I’ve been looking more into the tools of mental fitness – especially as an aid for physical training and exercise, to help me out of this jam. I’d like to share with you some of the advice I’ve found that has made a difference for me.
1. Make a schedule and hang it up: A visual chart over the week’s training sessions (or your normal week/work – study goals) will help you prepare mentally and practically for what’s next. When you’re prepared, it’s easier to stay committed – and you can also cross sessions out, as you go through the week and follow your progress. Important: Hang it where you will see and read (some of) it every day. Mine hangs next to my coffee cups cupboard – a place I look at every day.
2. If you’re stressed, find peace by inhaling through your nose while counting to four; exhale through your mouth (make it into a round shape, as if you exhaled through a straw) while counting to four. Repeat until you feel your body is relaxing and letting go of the stress, now your mind and body are ready to focus on the solving the problem at hand, instead of being stressed out by it.
3.Teach your skills. Nothing sharpens our knowledge so much, as having to explain it to someone else. I’ve been lucky and found a running partner (who is relatively new to fitness and training) who asks me a lot of good questions. Her questions have kept me on my toes, both remembering and looking into new knowledge to share with her. So share your passion, teach someone your favourite recipe, or garden with them. If you don’t feel like you have anyone in close in your life to teach, look into your community. Maybe your knowledge is sought after somewhere? Or set up a blog, documenting and showcasing your skills. Both in real life and electronically – explaining your knowledge will be good brain fitness.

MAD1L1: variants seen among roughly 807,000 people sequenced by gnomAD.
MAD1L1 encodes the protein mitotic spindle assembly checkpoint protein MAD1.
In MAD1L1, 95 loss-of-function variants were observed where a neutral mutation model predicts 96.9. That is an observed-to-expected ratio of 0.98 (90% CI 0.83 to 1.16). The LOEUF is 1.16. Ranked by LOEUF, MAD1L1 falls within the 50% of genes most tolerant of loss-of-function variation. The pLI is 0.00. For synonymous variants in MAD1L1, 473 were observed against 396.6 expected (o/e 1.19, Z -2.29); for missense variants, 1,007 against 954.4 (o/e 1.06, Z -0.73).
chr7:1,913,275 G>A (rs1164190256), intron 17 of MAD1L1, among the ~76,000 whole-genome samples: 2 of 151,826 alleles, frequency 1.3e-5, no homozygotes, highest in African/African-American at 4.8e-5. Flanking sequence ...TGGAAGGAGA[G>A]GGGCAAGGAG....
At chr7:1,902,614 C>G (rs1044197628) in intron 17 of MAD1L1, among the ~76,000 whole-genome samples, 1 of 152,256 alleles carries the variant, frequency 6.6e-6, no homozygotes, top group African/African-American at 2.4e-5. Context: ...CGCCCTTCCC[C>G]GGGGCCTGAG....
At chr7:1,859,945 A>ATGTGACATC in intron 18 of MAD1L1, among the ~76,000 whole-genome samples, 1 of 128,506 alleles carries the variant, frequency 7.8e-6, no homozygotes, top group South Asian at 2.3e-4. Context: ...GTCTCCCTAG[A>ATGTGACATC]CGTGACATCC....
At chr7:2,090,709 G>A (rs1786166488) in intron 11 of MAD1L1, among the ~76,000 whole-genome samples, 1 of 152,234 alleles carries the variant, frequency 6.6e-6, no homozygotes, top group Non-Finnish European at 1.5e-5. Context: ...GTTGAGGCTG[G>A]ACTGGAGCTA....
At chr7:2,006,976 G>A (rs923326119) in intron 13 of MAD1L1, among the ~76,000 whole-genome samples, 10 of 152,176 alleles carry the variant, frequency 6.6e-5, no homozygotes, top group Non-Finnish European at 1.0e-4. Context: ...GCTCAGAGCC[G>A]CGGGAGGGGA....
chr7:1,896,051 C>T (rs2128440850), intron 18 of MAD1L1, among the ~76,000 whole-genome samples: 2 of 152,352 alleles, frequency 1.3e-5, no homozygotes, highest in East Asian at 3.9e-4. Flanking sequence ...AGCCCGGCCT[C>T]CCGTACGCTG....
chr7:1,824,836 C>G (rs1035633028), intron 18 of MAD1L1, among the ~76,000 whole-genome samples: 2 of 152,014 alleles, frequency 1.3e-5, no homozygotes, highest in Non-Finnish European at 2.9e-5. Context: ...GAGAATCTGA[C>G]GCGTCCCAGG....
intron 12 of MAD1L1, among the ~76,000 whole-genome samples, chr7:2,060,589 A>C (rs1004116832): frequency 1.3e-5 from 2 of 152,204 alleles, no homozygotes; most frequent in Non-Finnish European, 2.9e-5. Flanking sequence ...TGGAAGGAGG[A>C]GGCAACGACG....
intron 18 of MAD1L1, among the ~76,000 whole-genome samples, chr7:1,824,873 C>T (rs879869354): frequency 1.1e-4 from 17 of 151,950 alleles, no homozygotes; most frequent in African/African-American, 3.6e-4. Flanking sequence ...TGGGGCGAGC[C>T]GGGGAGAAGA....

4. Find a community. I think that I write this in every other column, but I can’t stress how important it can be to have other people to share your passion with. And even if training is more of a necessary evil than a passion, sharing it with others will: Make it more interesting – thus more motivating, more committed, as if you skip, you not only let yourself down, but also your training friend(s); and if you do have a competitive side to you, training with others, will most likely make you train harder and better than you would on your own. Due to restrictions, it might be hard to find your tribe in your community, but if you got a computer or phone with internet access, look online. You are sure to find someone to relate to. Stimulating conversation can be good brain fitness too.
I’ll leave you with a handful to other brain-fitness tools that are less related to physical fitness, some of them also perfect for indoor activities in the coming months:
• Memory games/ activities
• Jigsaw puzzles
• Learn a new dance (coordination and memorisation to music)
• Crosswords/ Sudoko activities
• Learn a new language
• Learn to play an instrument
• Use all your senses
• Get 30 minutes of daily exercise. Aerobic exercise such as running or biking is recommended, as it gets the blood pumping into all areas of the body, including the brain.
Stay active – both mentally and physically through the ‘lockdown’ and you’ll come out stronger on the other side.